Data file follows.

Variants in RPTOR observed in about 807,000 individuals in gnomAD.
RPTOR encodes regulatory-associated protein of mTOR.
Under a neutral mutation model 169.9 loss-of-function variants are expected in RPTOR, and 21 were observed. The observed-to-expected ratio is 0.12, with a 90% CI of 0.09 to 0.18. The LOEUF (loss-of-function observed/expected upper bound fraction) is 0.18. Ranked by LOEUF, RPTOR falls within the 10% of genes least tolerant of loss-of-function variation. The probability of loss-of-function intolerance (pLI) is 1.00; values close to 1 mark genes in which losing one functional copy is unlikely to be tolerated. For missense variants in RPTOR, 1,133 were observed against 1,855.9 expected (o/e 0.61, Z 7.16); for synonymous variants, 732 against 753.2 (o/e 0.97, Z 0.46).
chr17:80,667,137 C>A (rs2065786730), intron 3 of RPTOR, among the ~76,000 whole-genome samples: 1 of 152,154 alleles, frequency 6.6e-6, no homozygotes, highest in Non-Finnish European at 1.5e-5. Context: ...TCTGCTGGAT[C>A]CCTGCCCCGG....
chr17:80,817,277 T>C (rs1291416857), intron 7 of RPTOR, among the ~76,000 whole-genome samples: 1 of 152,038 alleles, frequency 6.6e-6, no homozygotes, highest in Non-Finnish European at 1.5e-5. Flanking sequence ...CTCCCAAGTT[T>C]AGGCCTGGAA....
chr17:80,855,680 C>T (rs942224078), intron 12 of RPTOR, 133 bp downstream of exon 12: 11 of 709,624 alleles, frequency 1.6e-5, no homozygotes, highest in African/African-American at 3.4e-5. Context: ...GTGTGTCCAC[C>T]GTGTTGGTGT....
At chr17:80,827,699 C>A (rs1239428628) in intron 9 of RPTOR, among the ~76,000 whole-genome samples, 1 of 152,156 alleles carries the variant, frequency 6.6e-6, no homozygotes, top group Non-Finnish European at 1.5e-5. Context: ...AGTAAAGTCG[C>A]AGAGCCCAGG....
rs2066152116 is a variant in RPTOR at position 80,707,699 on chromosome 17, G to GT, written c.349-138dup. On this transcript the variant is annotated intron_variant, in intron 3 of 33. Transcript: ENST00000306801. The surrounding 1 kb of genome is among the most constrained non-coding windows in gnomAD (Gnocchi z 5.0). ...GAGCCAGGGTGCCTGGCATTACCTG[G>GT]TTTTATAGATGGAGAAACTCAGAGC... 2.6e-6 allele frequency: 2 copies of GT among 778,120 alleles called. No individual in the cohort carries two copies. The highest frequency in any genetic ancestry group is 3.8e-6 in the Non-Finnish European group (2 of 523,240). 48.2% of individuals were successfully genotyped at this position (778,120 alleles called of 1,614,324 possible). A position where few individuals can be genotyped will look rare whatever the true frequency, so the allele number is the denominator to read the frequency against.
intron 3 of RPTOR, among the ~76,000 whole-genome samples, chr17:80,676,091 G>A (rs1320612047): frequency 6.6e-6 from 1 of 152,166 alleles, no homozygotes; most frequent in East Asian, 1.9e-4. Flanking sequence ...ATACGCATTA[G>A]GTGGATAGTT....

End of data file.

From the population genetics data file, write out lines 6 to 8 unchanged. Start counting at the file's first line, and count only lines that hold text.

chr17:80,855,680 C>T (rs942224078), intron 12 of RPTOR, 133 bp downstream of exon 12: 11 of 709,624 alleles, frequency 1.6e-5, no homozygotes, highest in African/African-American at 3.4e-5. Context: ...GTGTGTCCAC[C>T]GTGTTGGTGT....
At chr17:80,827,699 C>A (rs1239428628) in intron 9 of RPTOR, among the ~76,000 whole-genome samples, 1 of 152,156 alleles carries the variant, frequency 6.6e-6, no homozygotes, top group Non-Finnish European at 1.5e-5. Context: ...AGTAAAGTCG[C>A]AGAGCCCAGG....
rs2066152116 is a variant in RPTOR at position 80,707,699 on chromosome 17, G to GT, written c.349-138dup. On this transcript the variant is annotated intron_variant, in intron 3 of 33. Transcript: ENST00000306801. The surrounding 1 kb of genome is among the most constrained non-coding windows in gnomAD (Gnocchi z 5.0). ...GAGCCAGGGTGCCTGGCATTACCTG[G>GT]TTTTATAGATGGAGAAACTCAGAGC... 2.6e-6 allele frequency: 2 copies of GT among 778,120 alleles called. No individual in the cohort carries two copies. The highest frequency in any genetic ancestry group is 3.8e-6 in the Non-Finnish European group (2 of 523,240). 48.2% of individuals were successfully genotyped at this position (778,120 alleles called of 1,614,324 possible). A position where few individuals can be genotyped will look rare whatever the true frequency, so the allele number is the denominator to read the frequency against.